The only thing that will reliably stop rifle rounds (most of them) is ceramic plates, commonly referred to as SAPI plates by the military. They are typically 10 inches by 12 inches (size varies with application) and slip into a carrier over your soft body armor, they are meant to be used in conjunction with the soft armor as some rifle rounds will fragment on striking the plate and the vest is supposed to catch those fragments. It is not very reassuring to know that only a 10 by 12 inch square on your torso is resistant to rifle bullets - but you shouldn't be presenting ANY target to a looter/criminal - much less a fully exposed torso. Plates are HEAVY - not something you'd wear everyday. You are far more likely to be wearing simple soft armor in an everyday scenario, or while out working in your victory garden.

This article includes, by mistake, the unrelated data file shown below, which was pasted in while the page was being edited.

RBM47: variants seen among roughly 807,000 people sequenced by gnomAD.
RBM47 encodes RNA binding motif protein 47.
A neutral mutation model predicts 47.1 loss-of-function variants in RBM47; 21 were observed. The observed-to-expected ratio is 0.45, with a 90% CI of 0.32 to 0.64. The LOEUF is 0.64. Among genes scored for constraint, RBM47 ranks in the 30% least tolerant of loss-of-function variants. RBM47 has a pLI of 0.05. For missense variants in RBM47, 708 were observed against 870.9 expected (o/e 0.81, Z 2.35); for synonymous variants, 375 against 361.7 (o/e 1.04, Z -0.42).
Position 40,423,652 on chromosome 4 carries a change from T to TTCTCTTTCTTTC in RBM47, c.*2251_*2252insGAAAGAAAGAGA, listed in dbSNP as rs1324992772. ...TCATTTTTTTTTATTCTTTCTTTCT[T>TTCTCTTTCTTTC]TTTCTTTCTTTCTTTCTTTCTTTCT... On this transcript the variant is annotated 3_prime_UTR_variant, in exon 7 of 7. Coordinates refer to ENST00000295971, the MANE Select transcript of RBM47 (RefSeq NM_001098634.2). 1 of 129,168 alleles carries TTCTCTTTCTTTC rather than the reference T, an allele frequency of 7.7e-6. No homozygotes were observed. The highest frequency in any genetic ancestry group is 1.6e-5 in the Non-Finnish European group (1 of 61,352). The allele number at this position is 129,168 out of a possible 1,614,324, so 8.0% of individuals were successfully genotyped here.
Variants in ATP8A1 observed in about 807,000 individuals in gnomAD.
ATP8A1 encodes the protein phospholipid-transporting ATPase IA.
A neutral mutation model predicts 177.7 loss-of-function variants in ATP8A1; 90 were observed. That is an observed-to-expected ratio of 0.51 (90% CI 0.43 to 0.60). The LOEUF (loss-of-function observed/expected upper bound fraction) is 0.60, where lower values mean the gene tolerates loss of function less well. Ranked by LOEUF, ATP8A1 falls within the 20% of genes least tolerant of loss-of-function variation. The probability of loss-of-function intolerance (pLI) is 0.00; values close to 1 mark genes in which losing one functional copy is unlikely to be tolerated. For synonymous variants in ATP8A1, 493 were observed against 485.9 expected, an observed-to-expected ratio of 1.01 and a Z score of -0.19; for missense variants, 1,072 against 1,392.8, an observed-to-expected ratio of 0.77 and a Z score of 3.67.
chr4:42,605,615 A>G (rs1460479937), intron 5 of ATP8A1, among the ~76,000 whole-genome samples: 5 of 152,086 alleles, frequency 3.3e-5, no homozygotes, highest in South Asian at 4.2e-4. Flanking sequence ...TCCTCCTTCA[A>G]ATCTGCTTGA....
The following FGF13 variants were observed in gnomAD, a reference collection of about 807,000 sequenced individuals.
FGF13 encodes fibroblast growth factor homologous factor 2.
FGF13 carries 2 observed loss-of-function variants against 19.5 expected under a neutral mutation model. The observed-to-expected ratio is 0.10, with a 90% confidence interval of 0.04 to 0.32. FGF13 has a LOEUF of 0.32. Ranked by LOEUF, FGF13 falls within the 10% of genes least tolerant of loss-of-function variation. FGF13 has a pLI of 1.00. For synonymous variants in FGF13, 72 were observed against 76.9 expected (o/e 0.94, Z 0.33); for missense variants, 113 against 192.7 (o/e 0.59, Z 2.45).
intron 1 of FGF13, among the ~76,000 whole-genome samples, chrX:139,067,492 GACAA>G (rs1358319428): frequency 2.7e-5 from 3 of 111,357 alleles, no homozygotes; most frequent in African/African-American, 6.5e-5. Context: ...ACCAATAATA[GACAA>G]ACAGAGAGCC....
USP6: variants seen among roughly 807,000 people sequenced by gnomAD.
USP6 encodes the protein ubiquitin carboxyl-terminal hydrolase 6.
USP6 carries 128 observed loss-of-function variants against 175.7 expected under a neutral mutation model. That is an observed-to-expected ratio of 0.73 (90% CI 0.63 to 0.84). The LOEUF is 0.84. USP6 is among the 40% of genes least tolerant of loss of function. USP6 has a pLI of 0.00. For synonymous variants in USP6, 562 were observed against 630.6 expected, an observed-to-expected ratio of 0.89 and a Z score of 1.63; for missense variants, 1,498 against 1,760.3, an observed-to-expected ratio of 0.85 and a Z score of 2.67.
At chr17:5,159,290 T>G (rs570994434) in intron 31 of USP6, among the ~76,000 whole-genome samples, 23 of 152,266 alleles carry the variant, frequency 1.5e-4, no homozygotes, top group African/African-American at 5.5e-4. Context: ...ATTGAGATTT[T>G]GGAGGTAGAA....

My entire point isn't to dissuade you from buying body armor, it is to make it clear that you need to do your research before you buy - especially if you are going to buy used, or off of Ebay. You need to understand the limits of it, and find a way to make it part of your routine. Just yesterday a police officer was killed in a city south of me, I will be sending a contribution off to his widow - he was not wearing his armor when killed - although the department had issued it to him. Body armor is uncomfortable to wear, but if you do it often enough it becomes less annoying. That's why I had some panels inserted into a levis jacket - even in a casual setting, I can have it with me without arousing suspicion (unless someone picks it up!).